When students ask why they have to adapt and perform Shakespeare skits

Students:

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Me:

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My Shakespeare

When: 13th October 2014 (UK) | January 2015 (US)

1 x 60min documentary for PBS. TX: 13th October 2014, Sky Arts 1, 8pm.

Hugh Bonneville started his career as an understudy for Ralph Fiennes in A Midsummer Night’s Dream at the Open Air Theatre in London’s Regent’s Park. He revisits the theatre where his love for Shakespeare blossomed and catches up with Ralph to talk about why the play has enduring appeal. Interviews include David Walliams and Sheridan Smith.

It will air in the US in January 2015 under the title Shakespeare Uncovered.

via: http://www.hughbonneville.uk/project/my-shakespeare

But I don’t want to wait until January!!! This is so unfair. *commences extremely ugly sobbing*

4

JUDI DENCH DIRECTING KENNETH BRANAGH AND SAMANTHA BOND IN “MUCH ADO ABOUT NOTHING” (1988)

”..on Judi Dench’s Much Ado About Nothing opinions were unanimous. The terrified debutante director had been sensitive and in control throughout rehearsals, but was immensely rocked by the first preview. Putting a play in front of an audience for the first time is always a learning experience for the actors themselves, who discover with shocking suddenness that an audience never responds quite as expected and have to alter their performances to meet that climate. For an actor who is directing for the first time, the feeling of impotence can be cataclysmic. But, apart from the usual first-night notes, her worries proved unfounded. She had elected to dress the cast in vaguely Edwardian costumes, reportedly because she considered the sight of young men in tights too distracting for an audience. This decision allowed her simultaneously to express the formal strictures of nobility and its codes of conduct and the disruption caused by their breakdown in both the villainous plots of Shaun Prendergast’s Napoleonic Don John and the romances of Claudio and Hero and of the hitherto confirmed bachelor and spinster Benedick and Beatrice. From the cast she drew a range of comic and tragic moments with subtlety and delicacy, serving the text rather than trying to bend it to a scheme of her own.”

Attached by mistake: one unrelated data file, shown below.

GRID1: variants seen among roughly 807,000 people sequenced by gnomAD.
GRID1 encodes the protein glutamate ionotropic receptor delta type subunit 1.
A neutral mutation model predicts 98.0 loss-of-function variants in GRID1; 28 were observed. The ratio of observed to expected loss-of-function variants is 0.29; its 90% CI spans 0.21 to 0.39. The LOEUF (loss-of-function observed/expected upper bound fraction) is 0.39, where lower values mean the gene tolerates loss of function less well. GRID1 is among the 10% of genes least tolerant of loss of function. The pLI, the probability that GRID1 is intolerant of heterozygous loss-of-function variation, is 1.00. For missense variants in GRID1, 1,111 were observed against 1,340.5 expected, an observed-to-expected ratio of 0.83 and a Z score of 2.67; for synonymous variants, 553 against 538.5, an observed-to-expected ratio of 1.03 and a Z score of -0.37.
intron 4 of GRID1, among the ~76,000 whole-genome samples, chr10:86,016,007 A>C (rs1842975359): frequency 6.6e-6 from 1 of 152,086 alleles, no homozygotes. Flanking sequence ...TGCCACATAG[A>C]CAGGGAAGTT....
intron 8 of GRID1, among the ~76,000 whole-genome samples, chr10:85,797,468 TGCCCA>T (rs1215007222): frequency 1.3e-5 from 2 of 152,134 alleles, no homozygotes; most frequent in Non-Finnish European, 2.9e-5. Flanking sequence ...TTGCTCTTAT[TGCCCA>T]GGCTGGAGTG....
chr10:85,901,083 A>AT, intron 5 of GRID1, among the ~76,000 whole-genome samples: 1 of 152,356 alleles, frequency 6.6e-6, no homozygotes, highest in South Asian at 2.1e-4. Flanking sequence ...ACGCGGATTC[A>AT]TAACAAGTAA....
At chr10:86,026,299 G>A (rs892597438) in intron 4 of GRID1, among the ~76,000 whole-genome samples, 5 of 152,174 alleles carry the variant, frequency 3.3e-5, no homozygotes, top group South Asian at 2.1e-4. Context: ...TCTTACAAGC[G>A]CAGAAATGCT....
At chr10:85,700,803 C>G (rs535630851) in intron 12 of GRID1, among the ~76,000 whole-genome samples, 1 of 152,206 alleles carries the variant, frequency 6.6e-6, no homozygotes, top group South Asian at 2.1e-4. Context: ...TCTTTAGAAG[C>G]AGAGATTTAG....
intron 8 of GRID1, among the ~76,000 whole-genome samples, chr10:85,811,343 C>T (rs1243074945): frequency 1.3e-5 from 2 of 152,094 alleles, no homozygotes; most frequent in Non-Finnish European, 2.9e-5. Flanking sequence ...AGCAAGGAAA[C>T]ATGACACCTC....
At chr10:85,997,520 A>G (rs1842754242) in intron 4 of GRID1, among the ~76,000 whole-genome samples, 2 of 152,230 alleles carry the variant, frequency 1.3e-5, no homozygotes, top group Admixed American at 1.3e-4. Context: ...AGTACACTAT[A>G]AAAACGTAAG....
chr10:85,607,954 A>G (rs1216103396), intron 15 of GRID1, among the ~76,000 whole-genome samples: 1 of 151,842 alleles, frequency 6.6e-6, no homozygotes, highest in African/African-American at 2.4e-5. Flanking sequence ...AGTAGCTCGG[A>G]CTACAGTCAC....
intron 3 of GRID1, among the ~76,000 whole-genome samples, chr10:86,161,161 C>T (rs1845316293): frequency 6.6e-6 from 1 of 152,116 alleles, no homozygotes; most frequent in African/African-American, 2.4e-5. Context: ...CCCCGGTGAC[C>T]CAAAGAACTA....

Excerpt from  “Ken & Em” by Ian Shuttleworth

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